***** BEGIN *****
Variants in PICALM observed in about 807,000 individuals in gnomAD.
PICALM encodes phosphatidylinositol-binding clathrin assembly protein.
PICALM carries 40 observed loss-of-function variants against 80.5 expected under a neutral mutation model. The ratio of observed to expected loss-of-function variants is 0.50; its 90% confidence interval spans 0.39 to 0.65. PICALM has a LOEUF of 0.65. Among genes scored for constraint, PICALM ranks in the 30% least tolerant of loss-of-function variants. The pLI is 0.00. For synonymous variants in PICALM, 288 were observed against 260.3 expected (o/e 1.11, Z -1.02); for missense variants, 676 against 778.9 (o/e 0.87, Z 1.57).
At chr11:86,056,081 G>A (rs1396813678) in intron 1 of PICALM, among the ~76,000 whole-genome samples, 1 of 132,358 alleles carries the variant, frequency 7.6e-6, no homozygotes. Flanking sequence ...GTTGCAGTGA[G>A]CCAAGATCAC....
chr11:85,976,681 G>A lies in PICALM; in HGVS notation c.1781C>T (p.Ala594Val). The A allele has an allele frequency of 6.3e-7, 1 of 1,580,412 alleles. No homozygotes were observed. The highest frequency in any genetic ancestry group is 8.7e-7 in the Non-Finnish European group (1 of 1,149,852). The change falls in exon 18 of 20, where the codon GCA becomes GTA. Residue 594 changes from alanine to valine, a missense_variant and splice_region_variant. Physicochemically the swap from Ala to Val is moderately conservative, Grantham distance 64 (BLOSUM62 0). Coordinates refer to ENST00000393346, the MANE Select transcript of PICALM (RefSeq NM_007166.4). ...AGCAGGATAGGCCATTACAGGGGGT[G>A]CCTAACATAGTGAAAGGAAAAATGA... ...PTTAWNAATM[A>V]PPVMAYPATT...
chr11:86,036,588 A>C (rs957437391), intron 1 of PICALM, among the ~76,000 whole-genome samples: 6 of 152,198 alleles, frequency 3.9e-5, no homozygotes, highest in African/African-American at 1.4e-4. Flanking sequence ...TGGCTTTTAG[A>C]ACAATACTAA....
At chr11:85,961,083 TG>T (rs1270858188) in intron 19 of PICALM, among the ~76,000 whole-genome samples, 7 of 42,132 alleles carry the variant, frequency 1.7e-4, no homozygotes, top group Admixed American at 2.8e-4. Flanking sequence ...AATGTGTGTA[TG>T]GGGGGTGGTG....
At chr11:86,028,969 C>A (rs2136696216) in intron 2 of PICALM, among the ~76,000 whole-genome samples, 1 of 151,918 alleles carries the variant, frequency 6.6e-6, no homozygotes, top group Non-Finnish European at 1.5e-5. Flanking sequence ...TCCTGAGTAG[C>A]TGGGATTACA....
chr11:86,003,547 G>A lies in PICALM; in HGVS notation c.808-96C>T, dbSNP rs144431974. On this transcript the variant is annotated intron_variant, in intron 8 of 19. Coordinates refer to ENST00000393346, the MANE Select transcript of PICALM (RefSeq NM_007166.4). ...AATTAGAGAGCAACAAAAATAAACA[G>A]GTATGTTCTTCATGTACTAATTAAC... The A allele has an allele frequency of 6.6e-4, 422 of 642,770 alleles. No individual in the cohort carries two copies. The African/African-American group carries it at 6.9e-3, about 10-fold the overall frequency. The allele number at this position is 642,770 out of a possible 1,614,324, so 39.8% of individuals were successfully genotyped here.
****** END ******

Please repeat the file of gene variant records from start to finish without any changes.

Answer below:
Variants in PICALM observed in about 807,000 individuals in gnomAD.
PICALM encodes phosphatidylinositol-binding clathrin assembly protein.
PICALM carries 40 observed loss-of-function variants against 80.5 expected under a neutral mutation model. The ratio of observed to expected loss-of-function variants is 0.50; its 90% confidence interval spans 0.39 to 0.65. PICALM has a LOEUF of 0.65. Among genes scored for constraint, PICALM ranks in the 30% least tolerant of loss-of-function variants. The pLI is 0.00. For synonymous variants in PICALM, 288 were observed against 260.3 expected (o/e 1.11, Z -1.02); for missense variants, 676 against 778.9 (o/e 0.87, Z 1.57).
At chr11:86,056,081 G>A (rs1396813678) in intron 1 of PICALM, among the ~76,000 whole-genome samples, 1 of 132,358 alleles carries the variant, frequency 7.6e-6, no homozygotes. Flanking sequence ...GTTGCAGTGA[G>A]CCAAGATCAC....
chr11:85,976,681 G>A lies in PICALM; in HGVS notation c.1781C>T (p.Ala594Val). The A allele has an allele frequency of 6.3e-7, 1 of 1,580,412 alleles. No homozygotes were observed. The highest frequency in any genetic ancestry group is 8.7e-7 in the Non-Finnish European group (1 of 1,149,852). The change falls in exon 18 of 20, where the codon GCA becomes GTA. Residue 594 changes from alanine to valine, a missense_variant and splice_region_variant. Physicochemically the swap from Ala to Val is moderately conservative, Grantham distance 64 (BLOSUM62 0). Coordinates refer to ENST00000393346, the MANE Select transcript of PICALM (RefSeq NM_007166.4). ...AGCAGGATAGGCCATTACAGGGGGT[G>A]CCTAACATAGTGAAAGGAAAAATGA... ...PTTAWNAATM[A>V]PPVMAYPATT...
chr11:86,036,588 A>C (rs957437391), intron 1 of PICALM, among the ~76,000 whole-genome samples: 6 of 152,198 alleles, frequency 3.9e-5, no homozygotes, highest in African/African-American at 1.4e-4. Flanking sequence ...TGGCTTTTAG[A>C]ACAATACTAA....
At chr11:85,961,083 TG>T (rs1270858188) in intron 19 of PICALM, among the ~76,000 whole-genome samples, 7 of 42,132 alleles carry the variant, frequency 1.7e-4, no homozygotes, top group Admixed American at 2.8e-4. Flanking sequence ...AATGTGTGTA[TG>T]GGGGGTGGTG....
At chr11:86,028,969 C>A (rs2136696216) in intron 2 of PICALM, among the ~76,000 whole-genome samples, 1 of 151,918 alleles carries the variant, frequency 6.6e-6, no homozygotes, top group Non-Finnish European at 1.5e-5. Flanking sequence ...TCCTGAGTAG[C>A]TGGGATTACA....
chr11:86,003,547 G>A lies in PICALM; in HGVS notation c.808-96C>T, dbSNP rs144431974. On this transcript the variant is annotated intron_variant, in intron 8 of 19. Coordinates refer to ENST00000393346, the MANE Select transcript of PICALM (RefSeq NM_007166.4). ...AATTAGAGAGCAACAAAAATAAACA[G>A]GTATGTTCTTCATGTACTAATTAAC... The A allele has an allele frequency of 6.6e-4, 422 of 642,770 alleles. No individual in the cohort carries two copies. The African/African-American group carries it at 6.9e-3, about 10-fold the overall frequency. The allele number at this position is 642,770 out of a possible 1,614,324, so 39.8% of individuals were successfully genotyped here.